The authors performed standardized shunt taps in a consecutive series of cases involving children with suspected or proven shunt malfunction, assessing flow and, when possible, opening pressure. Data were collected prospectively, and results analyzed in light of surgical findings.

Results

A shunt tap was performed prior to 68 operative explorations in 51 patients. Of the 68 taps, 28 yielded poor or no CSF flow on aspiration. After 26 of these 28 procedures, proximal catheter obstruction was identified. After 28 taps with good CSF return and normal or low opening pressure, 18 shunts were found to have a proximal obstruction, 8 had no obstruction, and 2 had a distal obstruction. Another 12 taps with good CSF flow had high opening pressure; subsequent surgery showed distal obstruction in 11 of the shunts, and proximal obstruction in 1. The positive predictive value of poor flow was 93%, while good flow on shunt tap predicted adequate proximal catheter function in only 55% of cases.

Conclusions

Poor flow of CSF on shunt tap is highly predictive of obstruction of the proximal catheter. Because not all patients with good flow on shunt tap underwent surgical shunt exploration, the specificity of this test cannot be determined. Nonetheless, a shunt tap that reveals good flow with a normal opening pressure can be misleading, and management of such cases should be based on clinical judgment.

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Brandon G. Rocque, Timothy M. George, John Kestle and Bermans J. Iskandar

Object

The purpose of this study was to report the results of a survey of the American Society of Pediatric Neurosurgeons (ASPN) on treatment of Chiari malformation Type I (CM-I) with syringomyelia.

Methods

A questionnaire was circulated during the 2006 meeting of the ASPN, in which surgeons were surveyed on their management of patients with CM-I and syringomyelia. The survey consisted of questions about 4 clinical scenarios, common causes of surgical failures, and complications.

Results

There were 72 respondents, representing more than 90% of attendees at the 2006 ASPN meeting and approximately half of the society's members. The majority of respondents (85%) reported that they perform posterior fossa decompression as first-line treatment for CM-I with syringomyelia. Seven percent perform bony decompression alone, 36% open the dura, and 27% shrink the tonsils. Very few respondents indicated that they offer syrinx drainage as first-line therapy (< 3%). Although all respondents reported that they treat symptomatic CM-I/syringomyelia patients surgically, 15% of respondents indicated that they do not operate on asymptomatic patients. Finally, respondents stated that their most common complications are pseudomeningocele and chemical meningitis.

Conclusions

This survey, given to a representative group of experienced North American pediatric neurosurgeons, confirms that posterior fossa decompression is still the preferred treatment modality in children with CM-I and syringomyelia, regardless of symptoms. Although most surgeons open the dura, preferred techniques for decompression vary. In contrast to the results of past surveys, conservative follow-up is now only used by a minority of respondents and only in the asymptomatic patient, and primary syrinx drainage seems to have lost popularity. A multicenter trial of surgical outcomes has been designed based on the information from this survey.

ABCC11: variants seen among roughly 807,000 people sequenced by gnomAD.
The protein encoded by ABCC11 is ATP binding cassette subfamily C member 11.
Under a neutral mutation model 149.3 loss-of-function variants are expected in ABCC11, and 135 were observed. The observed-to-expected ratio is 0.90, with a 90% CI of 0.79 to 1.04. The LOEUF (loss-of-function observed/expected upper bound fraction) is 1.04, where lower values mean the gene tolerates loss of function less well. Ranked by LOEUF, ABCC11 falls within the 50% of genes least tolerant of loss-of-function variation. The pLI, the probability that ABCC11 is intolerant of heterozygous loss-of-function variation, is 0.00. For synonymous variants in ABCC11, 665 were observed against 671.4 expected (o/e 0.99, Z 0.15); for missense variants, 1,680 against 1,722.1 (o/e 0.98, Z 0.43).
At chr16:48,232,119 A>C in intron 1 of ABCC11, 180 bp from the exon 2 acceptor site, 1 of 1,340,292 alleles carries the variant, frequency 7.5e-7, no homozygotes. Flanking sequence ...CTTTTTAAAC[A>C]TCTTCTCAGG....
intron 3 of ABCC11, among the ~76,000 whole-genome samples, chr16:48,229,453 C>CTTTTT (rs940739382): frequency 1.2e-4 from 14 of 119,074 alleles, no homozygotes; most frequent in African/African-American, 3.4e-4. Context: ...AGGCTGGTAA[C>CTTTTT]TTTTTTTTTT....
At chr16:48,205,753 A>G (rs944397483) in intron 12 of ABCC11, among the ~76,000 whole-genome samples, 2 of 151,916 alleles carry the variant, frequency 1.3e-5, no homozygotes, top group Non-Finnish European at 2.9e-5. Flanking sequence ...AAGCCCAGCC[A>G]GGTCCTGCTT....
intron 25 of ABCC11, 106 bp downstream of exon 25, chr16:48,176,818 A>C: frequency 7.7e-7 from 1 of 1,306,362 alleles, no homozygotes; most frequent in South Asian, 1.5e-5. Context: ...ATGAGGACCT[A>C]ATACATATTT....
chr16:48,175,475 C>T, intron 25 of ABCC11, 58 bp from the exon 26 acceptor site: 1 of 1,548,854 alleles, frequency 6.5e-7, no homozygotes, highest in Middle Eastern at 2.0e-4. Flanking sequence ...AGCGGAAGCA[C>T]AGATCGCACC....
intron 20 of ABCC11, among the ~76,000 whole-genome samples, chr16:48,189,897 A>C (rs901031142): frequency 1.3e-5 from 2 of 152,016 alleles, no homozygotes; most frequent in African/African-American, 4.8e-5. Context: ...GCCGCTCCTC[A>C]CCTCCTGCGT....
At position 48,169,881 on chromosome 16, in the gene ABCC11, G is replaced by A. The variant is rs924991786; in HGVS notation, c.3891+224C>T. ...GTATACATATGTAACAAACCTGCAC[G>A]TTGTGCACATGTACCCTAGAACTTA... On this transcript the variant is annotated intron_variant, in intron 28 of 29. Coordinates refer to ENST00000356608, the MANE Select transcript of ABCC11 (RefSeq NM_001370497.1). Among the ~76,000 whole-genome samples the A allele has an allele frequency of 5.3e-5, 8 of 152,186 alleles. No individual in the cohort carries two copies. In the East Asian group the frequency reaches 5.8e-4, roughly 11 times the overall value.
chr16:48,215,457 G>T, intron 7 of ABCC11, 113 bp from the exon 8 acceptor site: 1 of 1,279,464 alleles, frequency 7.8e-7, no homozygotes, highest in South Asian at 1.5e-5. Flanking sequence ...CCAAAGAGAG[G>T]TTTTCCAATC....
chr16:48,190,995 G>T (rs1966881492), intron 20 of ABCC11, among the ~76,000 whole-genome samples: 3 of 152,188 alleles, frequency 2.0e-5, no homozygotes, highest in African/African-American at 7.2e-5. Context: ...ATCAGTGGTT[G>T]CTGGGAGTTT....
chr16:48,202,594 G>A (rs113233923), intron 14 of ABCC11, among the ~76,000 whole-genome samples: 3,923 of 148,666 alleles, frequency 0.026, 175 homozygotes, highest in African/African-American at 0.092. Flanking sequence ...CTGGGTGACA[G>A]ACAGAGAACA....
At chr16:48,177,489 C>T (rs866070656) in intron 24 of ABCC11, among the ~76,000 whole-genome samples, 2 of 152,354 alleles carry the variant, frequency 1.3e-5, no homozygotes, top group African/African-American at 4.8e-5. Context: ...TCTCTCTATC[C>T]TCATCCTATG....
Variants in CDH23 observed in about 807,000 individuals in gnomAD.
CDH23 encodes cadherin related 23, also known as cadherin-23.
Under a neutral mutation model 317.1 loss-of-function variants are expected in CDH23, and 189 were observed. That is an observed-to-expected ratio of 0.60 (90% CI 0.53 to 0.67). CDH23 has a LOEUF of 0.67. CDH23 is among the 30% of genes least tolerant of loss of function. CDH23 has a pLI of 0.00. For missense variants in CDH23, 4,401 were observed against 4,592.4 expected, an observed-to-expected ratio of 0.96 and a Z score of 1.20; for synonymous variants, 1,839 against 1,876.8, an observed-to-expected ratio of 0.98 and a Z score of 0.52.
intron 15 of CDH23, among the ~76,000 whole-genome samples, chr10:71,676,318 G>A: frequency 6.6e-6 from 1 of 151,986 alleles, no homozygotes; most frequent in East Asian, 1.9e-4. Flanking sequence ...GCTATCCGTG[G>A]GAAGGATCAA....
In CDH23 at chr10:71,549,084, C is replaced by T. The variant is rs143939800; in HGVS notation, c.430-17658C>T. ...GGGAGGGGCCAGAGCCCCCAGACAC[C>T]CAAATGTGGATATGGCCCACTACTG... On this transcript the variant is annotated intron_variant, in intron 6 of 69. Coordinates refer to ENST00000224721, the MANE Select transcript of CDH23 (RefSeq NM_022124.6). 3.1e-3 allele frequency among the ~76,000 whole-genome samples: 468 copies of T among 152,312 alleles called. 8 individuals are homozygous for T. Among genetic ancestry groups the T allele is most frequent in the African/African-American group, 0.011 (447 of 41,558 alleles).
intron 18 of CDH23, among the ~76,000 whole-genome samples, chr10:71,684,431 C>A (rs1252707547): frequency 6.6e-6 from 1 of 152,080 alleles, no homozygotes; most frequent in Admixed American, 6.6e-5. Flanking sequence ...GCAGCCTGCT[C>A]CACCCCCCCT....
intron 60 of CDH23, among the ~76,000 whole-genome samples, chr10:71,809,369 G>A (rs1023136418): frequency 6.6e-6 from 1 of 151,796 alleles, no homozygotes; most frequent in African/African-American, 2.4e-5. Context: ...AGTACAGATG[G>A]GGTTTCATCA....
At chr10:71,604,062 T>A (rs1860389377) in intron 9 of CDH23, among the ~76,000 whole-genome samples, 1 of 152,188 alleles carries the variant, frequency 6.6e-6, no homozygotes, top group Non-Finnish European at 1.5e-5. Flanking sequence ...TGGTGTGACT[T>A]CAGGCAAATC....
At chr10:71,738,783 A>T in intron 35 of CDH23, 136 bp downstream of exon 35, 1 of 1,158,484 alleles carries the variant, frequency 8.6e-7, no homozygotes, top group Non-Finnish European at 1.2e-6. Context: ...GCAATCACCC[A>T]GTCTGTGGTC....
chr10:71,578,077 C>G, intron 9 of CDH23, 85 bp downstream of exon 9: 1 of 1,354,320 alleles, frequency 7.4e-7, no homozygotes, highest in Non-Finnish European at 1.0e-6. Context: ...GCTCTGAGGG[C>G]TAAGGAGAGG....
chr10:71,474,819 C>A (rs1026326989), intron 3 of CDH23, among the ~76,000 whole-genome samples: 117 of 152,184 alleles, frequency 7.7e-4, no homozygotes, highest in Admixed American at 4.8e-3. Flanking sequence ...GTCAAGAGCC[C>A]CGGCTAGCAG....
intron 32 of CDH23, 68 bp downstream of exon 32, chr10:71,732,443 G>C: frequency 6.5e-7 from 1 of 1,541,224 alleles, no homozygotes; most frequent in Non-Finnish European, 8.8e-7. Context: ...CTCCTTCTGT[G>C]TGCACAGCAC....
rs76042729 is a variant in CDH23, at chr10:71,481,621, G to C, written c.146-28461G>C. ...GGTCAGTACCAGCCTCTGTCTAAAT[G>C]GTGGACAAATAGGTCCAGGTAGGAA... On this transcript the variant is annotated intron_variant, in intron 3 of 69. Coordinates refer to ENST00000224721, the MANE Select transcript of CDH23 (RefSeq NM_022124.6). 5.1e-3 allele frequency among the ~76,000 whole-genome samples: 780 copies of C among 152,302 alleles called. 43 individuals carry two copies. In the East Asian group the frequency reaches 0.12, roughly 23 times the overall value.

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Brandon G. Rocque, Kaushik Amancherla, Sean M. Lew and Sandi Lam

Cranioplasty is routinely performed following decompressive craniectomy in both adult and pediatric populations. In adults, this procedure is associated with higher rates of complications than is elective cranial surgery. This study is a review of the literature describing risk factors for complications after cranioplasty surgery in pediatric patients. A systematic search of PubMed, Cochrane, and SCOPUS databases was undertaken. Articles were selected based on their titles and abstracts. Only studies that focused on a pediatric population were included; case reports were excluded. Studies in which the authors assessed bone flap storage method, timing of cranioplasty, material used (synthetic vs autogenous), skull defect size, and/or complication rates (bone resorption and surgical site infection) were selected for further analysis. Eleven studies that included a total of 441 cranioplasties performed in the pediatric population are included in this review.

The findings are as follows: 1) Based on analysis of pooled data, using cryopreserved bone flaps during cranioplasty may lead to a higher rate of bone resorption and lower rate of infection than using bone flaps stored at room temperature. 2) In 3 of 4 articles describing the effect of time between craniectomy and cranioplasty on complication rate, the authors found no significant effect, while in 1 the authors found that the incidence of bone resorption was significantly lower in children who had undergone early cranioplasty. Pooling of data was not possible for this analysis. 3) There are insufficient data to assess the effect of cranioplasty material on complication rate when considering only cranioplasties performed to repair decompressive craniectomy defects. However, when considering cranioplasties performed for any indication, those in which freshly harvested autograft is used may have a lower rate of resorption than those in which stored autograft is used. 4) There is no appreciable effect of craniectomy defect size or patient age on complication rate.